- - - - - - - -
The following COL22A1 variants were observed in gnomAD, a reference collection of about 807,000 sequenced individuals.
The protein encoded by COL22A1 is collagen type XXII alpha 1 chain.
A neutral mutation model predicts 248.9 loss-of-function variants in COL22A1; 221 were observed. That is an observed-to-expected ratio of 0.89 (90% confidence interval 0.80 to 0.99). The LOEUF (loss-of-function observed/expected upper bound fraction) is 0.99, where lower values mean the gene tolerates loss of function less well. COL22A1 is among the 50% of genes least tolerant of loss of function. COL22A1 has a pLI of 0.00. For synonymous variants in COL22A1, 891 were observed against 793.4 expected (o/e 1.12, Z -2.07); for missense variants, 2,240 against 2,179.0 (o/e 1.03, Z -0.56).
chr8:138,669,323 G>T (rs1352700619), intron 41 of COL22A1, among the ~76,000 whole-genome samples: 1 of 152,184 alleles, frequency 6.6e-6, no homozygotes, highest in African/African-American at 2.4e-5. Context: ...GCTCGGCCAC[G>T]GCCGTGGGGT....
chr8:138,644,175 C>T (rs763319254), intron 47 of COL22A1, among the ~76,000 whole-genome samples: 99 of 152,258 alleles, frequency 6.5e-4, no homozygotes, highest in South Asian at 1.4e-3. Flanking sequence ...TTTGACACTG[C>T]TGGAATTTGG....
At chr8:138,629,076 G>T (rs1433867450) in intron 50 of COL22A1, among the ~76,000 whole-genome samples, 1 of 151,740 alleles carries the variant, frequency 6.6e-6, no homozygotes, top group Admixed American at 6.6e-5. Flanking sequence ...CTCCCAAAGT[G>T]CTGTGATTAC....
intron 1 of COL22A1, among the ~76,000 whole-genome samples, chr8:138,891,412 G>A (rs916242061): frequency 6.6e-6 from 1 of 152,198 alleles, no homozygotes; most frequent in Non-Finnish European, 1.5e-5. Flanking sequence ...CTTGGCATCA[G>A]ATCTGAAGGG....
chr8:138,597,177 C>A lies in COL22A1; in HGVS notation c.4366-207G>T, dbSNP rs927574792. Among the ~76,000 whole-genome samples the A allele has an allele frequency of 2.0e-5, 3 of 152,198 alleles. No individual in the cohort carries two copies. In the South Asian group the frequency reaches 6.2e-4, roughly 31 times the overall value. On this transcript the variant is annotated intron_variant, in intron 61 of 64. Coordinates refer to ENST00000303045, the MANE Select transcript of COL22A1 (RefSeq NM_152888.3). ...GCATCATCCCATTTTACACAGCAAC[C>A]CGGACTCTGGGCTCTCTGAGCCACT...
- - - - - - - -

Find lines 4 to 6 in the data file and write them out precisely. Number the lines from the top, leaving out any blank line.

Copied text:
chr8:138,669,323 G>T (rs1352700619), intron 41 of COL22A1, among the ~76,000 whole-genome samples: 1 of 152,184 alleles, frequency 6.6e-6, no homozygotes, highest in African/African-American at 2.4e-5. Context: ...GCTCGGCCAC[G>T]GCCGTGGGGT....
chr8:138,644,175 C>T (rs763319254), intron 47 of COL22A1, among the ~76,000 whole-genome samples: 99 of 152,258 alleles, frequency 6.5e-4, no homozygotes, highest in South Asian at 1.4e-3. Flanking sequence ...TTTGACACTG[C>T]TGGAATTTGG....
At chr8:138,629,076 G>T (rs1433867450) in intron 50 of COL22A1, among the ~76,000 whole-genome samples, 1 of 151,740 alleles carries the variant, frequency 6.6e-6, no homozygotes, top group Admixed American at 6.6e-5. Flanking sequence ...CTCCCAAAGT[G>T]CTGTGATTAC....